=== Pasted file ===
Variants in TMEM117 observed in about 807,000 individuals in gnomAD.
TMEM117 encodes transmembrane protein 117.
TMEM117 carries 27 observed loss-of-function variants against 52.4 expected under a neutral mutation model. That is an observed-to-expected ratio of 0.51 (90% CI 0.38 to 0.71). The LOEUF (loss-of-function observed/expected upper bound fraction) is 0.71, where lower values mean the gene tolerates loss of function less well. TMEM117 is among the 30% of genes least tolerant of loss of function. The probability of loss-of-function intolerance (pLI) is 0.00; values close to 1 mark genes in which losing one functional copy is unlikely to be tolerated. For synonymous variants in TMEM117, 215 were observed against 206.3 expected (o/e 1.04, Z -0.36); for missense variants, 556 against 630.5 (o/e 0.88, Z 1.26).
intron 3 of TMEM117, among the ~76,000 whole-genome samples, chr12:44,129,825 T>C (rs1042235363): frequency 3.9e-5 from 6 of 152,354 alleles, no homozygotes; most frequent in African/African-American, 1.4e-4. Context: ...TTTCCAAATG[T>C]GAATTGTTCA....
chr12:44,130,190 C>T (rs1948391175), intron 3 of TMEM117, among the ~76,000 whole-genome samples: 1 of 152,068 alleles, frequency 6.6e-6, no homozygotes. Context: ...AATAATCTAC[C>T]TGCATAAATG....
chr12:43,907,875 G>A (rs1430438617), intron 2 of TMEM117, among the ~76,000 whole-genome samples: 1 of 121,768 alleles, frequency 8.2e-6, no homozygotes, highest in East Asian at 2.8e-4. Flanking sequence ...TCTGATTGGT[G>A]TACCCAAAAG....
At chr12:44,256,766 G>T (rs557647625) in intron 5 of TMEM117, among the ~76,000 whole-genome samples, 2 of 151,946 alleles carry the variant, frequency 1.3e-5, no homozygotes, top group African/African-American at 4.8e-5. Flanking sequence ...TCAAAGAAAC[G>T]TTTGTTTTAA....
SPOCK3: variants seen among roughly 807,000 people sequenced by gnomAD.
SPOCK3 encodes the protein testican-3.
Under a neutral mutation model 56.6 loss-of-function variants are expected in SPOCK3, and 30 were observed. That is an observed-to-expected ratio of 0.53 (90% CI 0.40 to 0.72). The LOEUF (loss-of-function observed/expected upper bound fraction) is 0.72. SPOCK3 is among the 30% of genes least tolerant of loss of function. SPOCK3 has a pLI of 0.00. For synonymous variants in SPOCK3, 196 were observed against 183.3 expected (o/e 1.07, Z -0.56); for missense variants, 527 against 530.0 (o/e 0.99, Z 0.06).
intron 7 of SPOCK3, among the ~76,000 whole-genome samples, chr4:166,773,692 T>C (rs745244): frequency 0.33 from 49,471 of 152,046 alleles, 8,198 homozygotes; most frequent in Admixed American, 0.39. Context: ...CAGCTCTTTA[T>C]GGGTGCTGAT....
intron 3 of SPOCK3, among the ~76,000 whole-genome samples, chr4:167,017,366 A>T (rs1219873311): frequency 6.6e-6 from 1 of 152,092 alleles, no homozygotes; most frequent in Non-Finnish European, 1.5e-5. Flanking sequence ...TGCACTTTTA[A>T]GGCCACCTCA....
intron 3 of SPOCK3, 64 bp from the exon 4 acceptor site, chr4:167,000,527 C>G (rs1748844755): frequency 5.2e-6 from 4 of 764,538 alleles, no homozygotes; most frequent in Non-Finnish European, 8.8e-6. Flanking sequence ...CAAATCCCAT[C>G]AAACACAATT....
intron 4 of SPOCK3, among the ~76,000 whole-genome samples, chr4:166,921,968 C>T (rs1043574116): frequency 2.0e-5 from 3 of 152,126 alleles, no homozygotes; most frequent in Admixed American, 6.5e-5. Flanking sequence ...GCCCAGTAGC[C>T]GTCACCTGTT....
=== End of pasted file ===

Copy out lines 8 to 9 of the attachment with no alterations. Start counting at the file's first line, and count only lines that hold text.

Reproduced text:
SPOCK3: variants seen among roughly 807,000 people sequenced by gnomAD.
SPOCK3 encodes the protein testican-3.